Last month we launched a campaign #GiveMenMoreTime to ensure men with advanced prostate cancer are not left behind when it comes to approving new drugs on the NHS in England and Wales. These drugs will help extend their lives and give them more time with their families. This campaign was featured in the Daily Mail but we need your help to keep the momentum going.

Two targeted therapies (Olaparib and Pluvicto) have been developed for the treatment of men with advanced prostate cancer. Both extend life and offer a better quality of life with milder side effects of treatment.  

These “precision” treatments specifically target and destroy cancer cells, wherever they are in the patient’s body, unlike chemotherapy that can cause damage to healthy cells. Both offer a better quality of life with milder side effects of treatment than chemotherapy. Both could be prescribed for men who are not suitable for chemotherapy.  

The National Institute for Health and Care Excellence (NICE) makes a decision about whether or not NHS access to new treatments should be granted in England and Wales. Neither Olaparib nor Pluvicto have been recommended so far, and a final decision on Pluvicto is expected in January 2023. 

Every day, 33 men in the UK lose their lives to prostate cancer. These new drugs could make all the difference, giving quality time back to these men and their families. 

How you can help

1. Write a letter or email to your MP 

Please join our campaign to highlight the human cost of failures in NHS access to precision medicines for prostate cancer by writing to your MP. 

By writing to your MP, you can help to raise awareness of prostate cancer and highlight the unfairness of the situation.  Your politician can raise the issue in the House of Commons or write to a government minister.  

When writing to your MP don’t forget to: 

  • Use the paragraphs above to set out the problem 
  • Say who you are and where you live 
  • Give your contact details 
  • Say why access to precision medicines for prostate cancer matters to you 
  • Say what you would like your parliamentarian to do (this might be to raise the matter in the House of Commons or write to the Secretary of State for Health to highlight the matter). 
  • Email us at [email protected] to let us know you have written to your MP. We can then follow up with their office to encourage them to act.  
  • You can also copy the email or letter to us if you are comfortable in doing so. 
  • Let us know if you receive a response and share a copy of the response with us. 


To find out who your MP is and what their postal/email address is please visit the following website and enter your postcode:  



2. Share your action on social media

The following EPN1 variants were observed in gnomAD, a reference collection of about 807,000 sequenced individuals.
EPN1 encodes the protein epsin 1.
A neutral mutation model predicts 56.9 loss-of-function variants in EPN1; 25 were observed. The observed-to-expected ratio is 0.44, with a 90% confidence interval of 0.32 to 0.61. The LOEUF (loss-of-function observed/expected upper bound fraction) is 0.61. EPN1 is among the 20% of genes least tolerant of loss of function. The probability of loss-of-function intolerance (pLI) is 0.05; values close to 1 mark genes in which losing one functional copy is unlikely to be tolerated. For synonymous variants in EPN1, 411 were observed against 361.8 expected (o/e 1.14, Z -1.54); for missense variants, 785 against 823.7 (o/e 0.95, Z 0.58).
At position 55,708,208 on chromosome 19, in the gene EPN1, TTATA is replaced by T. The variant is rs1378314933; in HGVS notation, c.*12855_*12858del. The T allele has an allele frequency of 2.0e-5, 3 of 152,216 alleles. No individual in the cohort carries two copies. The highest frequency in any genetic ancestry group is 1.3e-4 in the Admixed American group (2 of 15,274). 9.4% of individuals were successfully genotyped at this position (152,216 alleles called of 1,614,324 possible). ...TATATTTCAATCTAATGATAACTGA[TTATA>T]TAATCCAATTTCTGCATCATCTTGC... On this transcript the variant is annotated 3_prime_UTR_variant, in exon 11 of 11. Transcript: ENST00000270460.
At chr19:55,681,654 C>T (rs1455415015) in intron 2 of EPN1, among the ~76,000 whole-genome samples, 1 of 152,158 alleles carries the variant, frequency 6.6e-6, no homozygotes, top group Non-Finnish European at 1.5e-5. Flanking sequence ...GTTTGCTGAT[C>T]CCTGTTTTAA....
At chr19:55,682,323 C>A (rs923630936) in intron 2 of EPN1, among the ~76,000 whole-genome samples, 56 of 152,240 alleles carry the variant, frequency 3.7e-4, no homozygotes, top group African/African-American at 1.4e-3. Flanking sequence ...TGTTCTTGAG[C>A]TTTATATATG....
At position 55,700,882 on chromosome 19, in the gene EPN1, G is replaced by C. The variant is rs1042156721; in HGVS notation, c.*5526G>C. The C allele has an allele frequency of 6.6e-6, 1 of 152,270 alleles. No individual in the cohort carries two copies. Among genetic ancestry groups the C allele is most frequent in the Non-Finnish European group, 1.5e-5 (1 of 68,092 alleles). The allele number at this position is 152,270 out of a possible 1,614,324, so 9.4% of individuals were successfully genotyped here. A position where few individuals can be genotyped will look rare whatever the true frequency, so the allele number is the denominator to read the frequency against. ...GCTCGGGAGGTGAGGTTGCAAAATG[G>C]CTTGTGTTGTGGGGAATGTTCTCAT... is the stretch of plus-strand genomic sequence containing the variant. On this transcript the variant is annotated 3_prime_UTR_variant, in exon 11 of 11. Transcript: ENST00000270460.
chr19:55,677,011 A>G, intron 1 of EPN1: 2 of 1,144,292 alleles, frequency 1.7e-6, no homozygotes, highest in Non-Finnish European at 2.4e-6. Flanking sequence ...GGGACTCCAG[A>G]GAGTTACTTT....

Post on your social media that you have written to your MP and encourage others to do the same. Share this information with them so they can be armed with the information they need. 

Use #GiveMenMoreTime when talking about the action you’ve taken and to keep up to date with campaign news on Twitter and Facebook. 


More information about Olaparib

  • Olaparib (Lynparza, AstraZeneca) is licenced for the treatment of metastatic prostate cancer in patients with BRCA1 or BRCA2 mutations whose cancer has progressed after hormone treatment. 1 in 400 people in the UK have the BRCA1 or BRCA2 gene mutations, both of which are associated with an increased risk of developing prostate cancer.  Around 8% of patients with prostate cancer carry a BRCA mutation.   


  • Cells with a change in BRCA genes rely on a protein called PARP to repair damage in DNA. Olaparib inhibits this protein, and because the cancer cells cannot then repair DNA damage, they die.  


  • Olaparib became the world’s first genetically targeted cancer drug in 2014 when it was approved for women with ovarian cancer who had inherited BRCA mutation. It is available on the NHS for patients with ovarian, fallopian and primary peritoneal cancer. In March 2021 NICE blocked access to this drug for men with prostate cancer. Olaparib has been approved by the Scottish Medicines Consortium and is therefore available on the NHS in Scotland for men with advanced prostate cancer. 


  • In a clinical trial, patients taking Olaparib lived without their cancer getting any bigger for an average of 7.4 months, in comparison to 3.6 months for those taking existing treatments, in this case either abiraterone or enzalutamide.  


More information about Pluvicto

  • Pluvicto (Lu 177, AAA Novartis) is a targeted medicine that latches onto prostate-specific membrane antigen (PSMA), which is found in 80 to 90% of prostate cancers.  Pluvicto is a “radioligand” therapy, a type of treatment in which radioactive materials are attached to drugs which are attracted to and stick to certain proteins found on tumour cells. This makes radiotherapy better at hunting down cancer cells, and less likely to harm normal, healthy cells in the body. In clinical trial, Pluvicto extended life by around five months in terminal cases. 


  • Pluvicto is suitable for patients with prostate specific membrane antigen (PMSA)-positive metastatic castration resistant prostate cancer (mCRPC) who have been treated with androgen receptor (AR) pathway inhibition and taxane-based chemotherapy. It can also be used to treat patients who are not suitable for chemotherapy. 


  • Treatment with Pluvicto can improve a patient’s quality of life, reduce the risk of death and reduce the risk of progression. Patients receiving this new treatment have reported that, in contrast to chemotherapy, it had little or no negative impact on their quality of life. In the Phase 3 VISION clinical trial, Pluvicto was found to extend life by around 5 months in terminal cases.  
Press enter or esc to cancel